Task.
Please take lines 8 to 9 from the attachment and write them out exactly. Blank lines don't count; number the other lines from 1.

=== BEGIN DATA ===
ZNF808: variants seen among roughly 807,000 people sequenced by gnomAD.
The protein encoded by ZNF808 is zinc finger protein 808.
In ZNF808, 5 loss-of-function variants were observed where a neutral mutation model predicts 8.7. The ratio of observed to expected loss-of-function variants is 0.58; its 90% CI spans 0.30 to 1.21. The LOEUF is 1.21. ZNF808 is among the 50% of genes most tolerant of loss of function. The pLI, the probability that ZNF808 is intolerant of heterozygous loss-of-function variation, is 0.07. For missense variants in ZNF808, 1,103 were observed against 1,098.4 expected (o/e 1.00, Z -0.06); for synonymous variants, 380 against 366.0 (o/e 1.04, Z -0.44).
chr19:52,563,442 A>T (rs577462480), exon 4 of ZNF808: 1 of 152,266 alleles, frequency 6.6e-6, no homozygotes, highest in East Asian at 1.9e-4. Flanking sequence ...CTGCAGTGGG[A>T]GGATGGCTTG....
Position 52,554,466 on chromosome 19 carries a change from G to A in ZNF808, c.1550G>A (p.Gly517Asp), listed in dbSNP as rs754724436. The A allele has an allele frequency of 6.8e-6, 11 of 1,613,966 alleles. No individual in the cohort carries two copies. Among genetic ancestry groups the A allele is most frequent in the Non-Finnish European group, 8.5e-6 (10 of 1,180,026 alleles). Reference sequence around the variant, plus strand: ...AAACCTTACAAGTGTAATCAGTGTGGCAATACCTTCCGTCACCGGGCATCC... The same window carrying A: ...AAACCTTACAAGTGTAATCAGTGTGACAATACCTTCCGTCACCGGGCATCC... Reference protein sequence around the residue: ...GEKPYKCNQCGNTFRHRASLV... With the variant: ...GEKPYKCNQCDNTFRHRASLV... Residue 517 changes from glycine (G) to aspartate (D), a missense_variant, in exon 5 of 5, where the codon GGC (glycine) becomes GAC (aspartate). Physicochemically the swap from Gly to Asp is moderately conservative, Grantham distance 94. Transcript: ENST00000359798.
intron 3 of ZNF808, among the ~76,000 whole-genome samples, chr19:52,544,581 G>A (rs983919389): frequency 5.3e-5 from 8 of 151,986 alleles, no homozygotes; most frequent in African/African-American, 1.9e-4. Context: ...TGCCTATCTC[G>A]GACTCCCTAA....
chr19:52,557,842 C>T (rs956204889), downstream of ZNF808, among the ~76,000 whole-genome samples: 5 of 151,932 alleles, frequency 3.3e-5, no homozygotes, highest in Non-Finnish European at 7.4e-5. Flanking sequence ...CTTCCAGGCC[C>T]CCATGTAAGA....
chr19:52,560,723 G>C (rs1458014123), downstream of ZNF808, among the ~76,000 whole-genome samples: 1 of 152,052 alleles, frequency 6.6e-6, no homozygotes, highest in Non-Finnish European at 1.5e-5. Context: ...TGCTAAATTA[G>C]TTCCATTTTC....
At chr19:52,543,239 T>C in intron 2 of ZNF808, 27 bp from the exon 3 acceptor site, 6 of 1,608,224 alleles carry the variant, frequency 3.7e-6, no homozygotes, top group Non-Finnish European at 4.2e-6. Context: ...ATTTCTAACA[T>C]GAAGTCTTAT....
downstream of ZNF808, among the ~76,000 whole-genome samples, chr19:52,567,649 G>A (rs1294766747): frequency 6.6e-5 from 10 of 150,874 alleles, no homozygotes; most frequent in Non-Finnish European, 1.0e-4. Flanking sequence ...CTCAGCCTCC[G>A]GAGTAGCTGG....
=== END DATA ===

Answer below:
chr19:52,560,723 G>C (rs1458014123), downstream of ZNF808, among the ~76,000 whole-genome samples: 1 of 152,052 alleles, frequency 6.6e-6, no homozygotes, highest in Non-Finnish European at 1.5e-5. Context: ...TGCTAAATTA[G>C]TTCCATTTTC....
At chr19:52,543,239 T>C in intron 2 of ZNF808, 27 bp from the exon 3 acceptor site, 6 of 1,608,224 alleles carry the variant, frequency 3.7e-6, no homozygotes, top group Non-Finnish European at 4.2e-6. Context: ...ATTTCTAACA[T>C]GAAGTCTTAT....